SV: Why is it that "Iranian haiku writers do not know enough regarding the haiku internal and external construction?" Isn’t literature pertaining to haiku available in your country? Are there any haiku schools, clubs, gatherings where one can share his/her ideas, knowledge, experience, and poems?
MT: 45 years ago, an Iranian poet and painter, called Sohrab Sepehri, visited Japan for a painting course. He became familiar with haiku at that time and translated about ten Japanese haiku into the Persian language. He saw haiku as a short poem and, therefore, he was unable to ascertain the spirit of the haiku form.
On his return to Iran, and influenced by the Japanese haiku, he changed his poetry style and his best poems were written after this trip. Following this trip, he adopted imagery as his specific style in poetry, without emulating the Imagists in the West, but expressing his feelings by concrete images via long poems.
Then 28 years ago, another famous Iranian poet, Ahmad Shamloo, in cooperation with the Zen and Buddhist text translator, E.Pashayi, translated part of Volume-1, Haiku and Volume-1, History of Haiku (R.H. Blyth), which is the first Persian book to officially introduce Japanese haiku to the Iranians, featuring haiku composed by Basho, Buson, Issa, Shiki and the ten disciples of Basho.
While some of the haiku in this book are well translated into the Persian language by Shamloo, the haiku moment in most of these translations has been lost, seemingly because  Shamloo interpreted the haiku literally instead of conveying the haiku moment as it was.
Furthermore, there is no indication of the haiku form and its techniques in this book which, in turn, influenced Iranian haiku poets to emulate these translated poems without knowledge of the form and haiku techniques.
The next point regarding this book is the fact that Blyth understood haiku as a product of Zen Buddhism, thus, misleading most Iranian poets into thinking of haiku as Zen Poetry, which may explain why  haiku writing hasn't grown here as it should.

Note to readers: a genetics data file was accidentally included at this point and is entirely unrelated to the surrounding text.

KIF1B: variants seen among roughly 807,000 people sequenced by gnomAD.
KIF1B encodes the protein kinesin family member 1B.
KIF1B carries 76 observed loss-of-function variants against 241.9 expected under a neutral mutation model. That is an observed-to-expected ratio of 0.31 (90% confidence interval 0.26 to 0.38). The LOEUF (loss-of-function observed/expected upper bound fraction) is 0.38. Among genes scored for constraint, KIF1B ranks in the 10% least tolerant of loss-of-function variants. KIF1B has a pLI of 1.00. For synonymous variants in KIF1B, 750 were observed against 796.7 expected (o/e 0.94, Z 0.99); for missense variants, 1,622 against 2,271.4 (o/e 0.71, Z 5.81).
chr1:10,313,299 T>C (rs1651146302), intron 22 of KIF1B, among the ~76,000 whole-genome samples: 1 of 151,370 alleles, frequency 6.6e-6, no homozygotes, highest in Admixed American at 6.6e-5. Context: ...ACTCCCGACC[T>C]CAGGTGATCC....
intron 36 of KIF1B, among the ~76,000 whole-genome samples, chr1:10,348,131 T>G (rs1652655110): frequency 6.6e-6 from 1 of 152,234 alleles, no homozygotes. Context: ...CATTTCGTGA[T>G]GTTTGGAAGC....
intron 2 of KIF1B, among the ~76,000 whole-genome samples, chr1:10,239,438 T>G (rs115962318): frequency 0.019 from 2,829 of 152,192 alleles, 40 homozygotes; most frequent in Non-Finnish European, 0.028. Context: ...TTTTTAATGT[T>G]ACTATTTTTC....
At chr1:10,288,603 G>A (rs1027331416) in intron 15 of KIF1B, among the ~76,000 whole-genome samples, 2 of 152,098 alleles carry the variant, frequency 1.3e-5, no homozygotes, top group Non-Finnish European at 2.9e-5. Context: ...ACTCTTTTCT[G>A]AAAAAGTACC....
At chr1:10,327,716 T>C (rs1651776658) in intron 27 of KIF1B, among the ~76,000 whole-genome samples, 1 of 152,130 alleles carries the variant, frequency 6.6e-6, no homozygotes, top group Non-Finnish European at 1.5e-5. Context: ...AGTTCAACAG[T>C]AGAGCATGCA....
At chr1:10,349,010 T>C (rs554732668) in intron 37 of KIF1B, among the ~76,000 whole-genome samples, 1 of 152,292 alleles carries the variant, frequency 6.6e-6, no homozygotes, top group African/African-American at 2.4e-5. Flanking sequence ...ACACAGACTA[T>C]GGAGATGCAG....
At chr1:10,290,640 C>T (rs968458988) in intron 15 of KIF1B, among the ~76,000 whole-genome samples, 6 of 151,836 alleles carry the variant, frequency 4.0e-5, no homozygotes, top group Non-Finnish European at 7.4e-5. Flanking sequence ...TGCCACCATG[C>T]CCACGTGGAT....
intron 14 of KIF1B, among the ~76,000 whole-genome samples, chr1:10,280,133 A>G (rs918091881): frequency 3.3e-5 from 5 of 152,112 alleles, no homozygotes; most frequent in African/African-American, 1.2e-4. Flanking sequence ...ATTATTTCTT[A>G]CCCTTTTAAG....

When the Internet infrastructure was developed in Iran, haiku poets here had access to other weblogs/websites and this poetic genre has been adopted extensively . . .  but still, the haiku form and its techniques aren't well known by young haiku poets. Currently, there are a lot of Persian weblogs that feature haiku, as well as the weblog, photohaiku, featuring what you call haiga:
In recent years, a lot of translations have been published, especially of Japanese haiku, but there is no official school or formal gatherings here except friends getting together who are interested in this genre.
SV: Can you tell us something about the history of haiku in your country?
MT: As I said, haiku was introduced to Iranians approximately 45 years ago, but during the past 10 years has haiku been considered as a serious genre. I think more than a hundred weblogs and personals are now writing haiku in Iran.
Between 224-651 A.D, the Persian Emperor Sasanian and a King called Khosrow-Parviz ruled Iran (formerly called Persia) during 590-628 A.D. At that time, the poet, musician, and singer, Barbad, was employed in the King's palace.
Barbad composed a type of poem in three lines called Khosravani. He used to write a poem for each day of the week, each week of the month, each month of the year and every season. Barbad would play the lute and sang his poetry for the king.
This genre of poetry, Khosravani, has no rhyme although it's metric in structure.
Unfortunately, when Arabs attacked Iran 1400 years ago, Islam replaced the ancient Iranian religion Zoroastrianism. The Arab conquerors burned down all the Persian libraries and all Iranian written literature was destroyed.
Omar, the Islam leader at that time, claimed that all science and acceptable literature were included in the Quran and, therefore, Muslims needed no other science and literature! With this mindset, he ordered the burning of Persian books to warm the water in public baths!
Because of the desecration of Iranian culture, we Iranians have no information how the Khosravani poems looked or were composed, except one poem that has remained in another Old Arabic Text and whose word by word translation is as follows:

Caesar as moon, Khan as sun (moon in the west, sun in the east)
My king (Khosrwo-Parviz) as a pluvial cloud (Rainy Cloud)
Covering both the west and east

(Note: Old Persian Imperial was located between Greece /Caesar/ in the west and Old China /Khan/ in the east.)
At the north and at the south-east of Iran, there is a type of folklore/pastoral short poem which is called Liku. The form of this poem sometimes appears like tanka and sometimes like haiku, depending on the emotional tone. Following are word by word translations of two Liku; one in short form, and one in longer form:
Sitting on a rock
With a palm leaf in hand
Telling my fortune

Approaching village
A flock of sheep
No shepherd along